Monday, February 29, 2016

Farewell to Lesvos

Tomorrow I leave Molyvos on the island of Lesvos for Mytilene where I will spend one night before boarding the ferry for Piraeus on the mainland. From there I will travel by bus to Patras where I will catch another ferry to Bari, Italy. I am excited to see that part of Italy, but oh so sad to leave Lesvos. There is such a level of comfort in walking into my favorite coffee shop in the morning and having the smiling woman behind the counter ask, "Latte with double espresso?" And I love that as I walk the 2 miles to my shift I stop and talk to other volunteers on their way to work or call out a happy "Kalimera" to the locals. It has been such a wild 2 1/2 weeks here and I cannot say I have enjoyed every minute of it, but I have had so many moments of exhilaration and gratitude! And I've come to recognize that all the moments of despair or frustration were my own doing. Since the moment I stepped onto the plane in San Antonio just about a month ago, there have been constant reminders of my strengths and weaknesses. Traveling alone, I think the lessons come hard and quick as there is no one else to blame things on! The upside of that is I become aware of my part in it quickly also and I see how changing my behavior can change the situation. 
The volunteer population here is a diverse group. Probably 90% of them in their 20's and 30's. Lots of folks from Great Britain, Australia, Germany, Spain. When your job for days on end is to sort through endless boxes of donated clothing, you rely on interesting colleagues for stimulating conversation and the volunteers have always delivered. I've met some intriguing Americans - Dan and Bethany are a couple a bit older than me from the Pacific Northwest. They are giving me a ride to Mytilene tomorrow and I'm looking forward to a few uninterrupted hours in a car with them. Laura Scott, originally from California I believe, has been traveling the world on her own for years. She has a great website about her travels -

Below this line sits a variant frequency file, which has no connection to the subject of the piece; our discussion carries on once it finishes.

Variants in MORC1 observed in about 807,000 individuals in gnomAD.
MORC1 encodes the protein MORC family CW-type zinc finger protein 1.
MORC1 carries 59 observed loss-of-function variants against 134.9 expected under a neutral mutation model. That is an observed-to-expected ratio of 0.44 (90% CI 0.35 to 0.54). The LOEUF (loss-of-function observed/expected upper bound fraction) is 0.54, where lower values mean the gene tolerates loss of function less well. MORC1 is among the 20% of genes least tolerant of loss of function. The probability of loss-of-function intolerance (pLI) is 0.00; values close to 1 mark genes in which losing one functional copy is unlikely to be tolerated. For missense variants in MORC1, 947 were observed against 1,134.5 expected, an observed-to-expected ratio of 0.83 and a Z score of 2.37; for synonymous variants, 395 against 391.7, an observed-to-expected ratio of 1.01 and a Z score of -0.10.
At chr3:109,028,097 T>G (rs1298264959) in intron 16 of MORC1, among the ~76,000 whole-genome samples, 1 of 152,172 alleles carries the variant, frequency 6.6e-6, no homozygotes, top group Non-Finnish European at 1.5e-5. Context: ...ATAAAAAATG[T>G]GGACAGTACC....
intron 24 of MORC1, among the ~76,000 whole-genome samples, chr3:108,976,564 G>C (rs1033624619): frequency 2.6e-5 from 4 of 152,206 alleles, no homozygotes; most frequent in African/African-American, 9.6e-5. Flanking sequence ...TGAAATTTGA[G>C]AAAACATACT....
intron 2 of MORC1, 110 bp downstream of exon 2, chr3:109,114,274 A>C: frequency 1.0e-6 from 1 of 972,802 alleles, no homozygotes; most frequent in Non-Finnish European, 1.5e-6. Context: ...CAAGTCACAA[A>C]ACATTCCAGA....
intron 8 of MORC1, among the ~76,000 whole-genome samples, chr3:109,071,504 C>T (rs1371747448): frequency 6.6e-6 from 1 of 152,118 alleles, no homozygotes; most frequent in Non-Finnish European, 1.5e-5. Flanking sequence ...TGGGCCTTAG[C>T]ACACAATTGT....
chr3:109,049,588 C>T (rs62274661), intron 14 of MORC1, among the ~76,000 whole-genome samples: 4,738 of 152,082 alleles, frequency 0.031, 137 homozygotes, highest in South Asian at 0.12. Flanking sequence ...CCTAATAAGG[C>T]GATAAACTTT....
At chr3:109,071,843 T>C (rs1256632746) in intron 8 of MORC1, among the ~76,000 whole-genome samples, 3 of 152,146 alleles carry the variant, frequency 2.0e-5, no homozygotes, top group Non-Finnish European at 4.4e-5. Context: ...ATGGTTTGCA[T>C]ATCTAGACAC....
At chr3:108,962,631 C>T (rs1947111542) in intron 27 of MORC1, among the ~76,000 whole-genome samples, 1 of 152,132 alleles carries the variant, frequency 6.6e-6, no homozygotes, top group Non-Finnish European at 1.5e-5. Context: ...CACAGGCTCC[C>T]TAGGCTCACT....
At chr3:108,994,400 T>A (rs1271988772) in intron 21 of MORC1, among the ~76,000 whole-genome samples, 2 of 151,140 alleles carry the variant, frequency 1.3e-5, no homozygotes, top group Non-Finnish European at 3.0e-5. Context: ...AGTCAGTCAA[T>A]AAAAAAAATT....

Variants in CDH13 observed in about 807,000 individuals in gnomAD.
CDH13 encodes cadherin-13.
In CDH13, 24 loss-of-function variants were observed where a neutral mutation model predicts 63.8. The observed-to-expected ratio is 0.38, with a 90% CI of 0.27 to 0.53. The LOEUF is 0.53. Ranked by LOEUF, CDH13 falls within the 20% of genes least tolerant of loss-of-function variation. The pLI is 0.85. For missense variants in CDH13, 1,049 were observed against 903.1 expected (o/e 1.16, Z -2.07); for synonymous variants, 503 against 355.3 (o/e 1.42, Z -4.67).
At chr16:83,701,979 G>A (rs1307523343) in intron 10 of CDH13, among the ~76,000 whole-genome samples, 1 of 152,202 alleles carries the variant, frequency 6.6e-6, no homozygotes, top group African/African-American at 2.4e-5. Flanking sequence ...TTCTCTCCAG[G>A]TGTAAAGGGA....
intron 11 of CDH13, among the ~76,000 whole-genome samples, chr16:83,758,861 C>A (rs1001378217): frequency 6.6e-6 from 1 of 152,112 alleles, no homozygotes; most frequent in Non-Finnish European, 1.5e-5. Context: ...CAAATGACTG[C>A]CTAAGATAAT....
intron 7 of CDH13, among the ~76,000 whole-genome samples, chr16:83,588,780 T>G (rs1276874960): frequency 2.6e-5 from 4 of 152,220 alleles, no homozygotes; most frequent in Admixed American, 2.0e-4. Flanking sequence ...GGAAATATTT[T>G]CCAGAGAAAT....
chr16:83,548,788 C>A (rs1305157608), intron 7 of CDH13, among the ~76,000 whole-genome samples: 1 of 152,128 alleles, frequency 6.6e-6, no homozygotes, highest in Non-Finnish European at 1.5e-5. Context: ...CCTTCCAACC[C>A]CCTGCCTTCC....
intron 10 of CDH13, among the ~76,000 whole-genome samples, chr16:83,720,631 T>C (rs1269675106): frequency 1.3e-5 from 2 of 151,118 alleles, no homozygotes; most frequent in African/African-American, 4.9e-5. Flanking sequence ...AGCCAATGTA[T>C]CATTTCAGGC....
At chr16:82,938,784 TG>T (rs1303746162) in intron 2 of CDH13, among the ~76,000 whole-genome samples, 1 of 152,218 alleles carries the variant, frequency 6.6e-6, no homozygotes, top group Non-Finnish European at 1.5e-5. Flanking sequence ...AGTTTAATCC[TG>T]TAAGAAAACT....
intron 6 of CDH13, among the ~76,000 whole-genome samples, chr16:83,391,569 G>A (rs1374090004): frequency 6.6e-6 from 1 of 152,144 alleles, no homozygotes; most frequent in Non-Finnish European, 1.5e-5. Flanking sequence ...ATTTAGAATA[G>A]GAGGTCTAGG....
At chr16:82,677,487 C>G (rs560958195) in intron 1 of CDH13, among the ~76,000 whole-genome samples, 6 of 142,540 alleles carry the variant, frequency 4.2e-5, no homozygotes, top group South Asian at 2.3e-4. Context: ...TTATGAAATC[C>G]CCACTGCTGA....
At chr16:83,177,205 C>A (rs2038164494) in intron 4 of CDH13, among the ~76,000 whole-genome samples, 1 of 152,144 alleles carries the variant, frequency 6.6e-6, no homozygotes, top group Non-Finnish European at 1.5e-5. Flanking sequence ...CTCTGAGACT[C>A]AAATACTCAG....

- that made me laugh till I cried. When we first met I quizzed her on all sorts of things (how many pairs of pants do you have? how do you decide where to go next?) and told her how sometimes fear gets the best of me. She looked me straight in the eyes and almost challengingly said, "That's okay. Fear is not a bad thing!"  And I could tell she was speaking from experience. She writes unflinchingly about her triumphs and failures both. 
As you can imagine, politics are a hot topic of conversation. Both the politics of the refugee situation and American politics, which at this point is good for a laugh if nothing else. Along with the chuckles is a sense of incredulity. Bravo America for being so entertaining!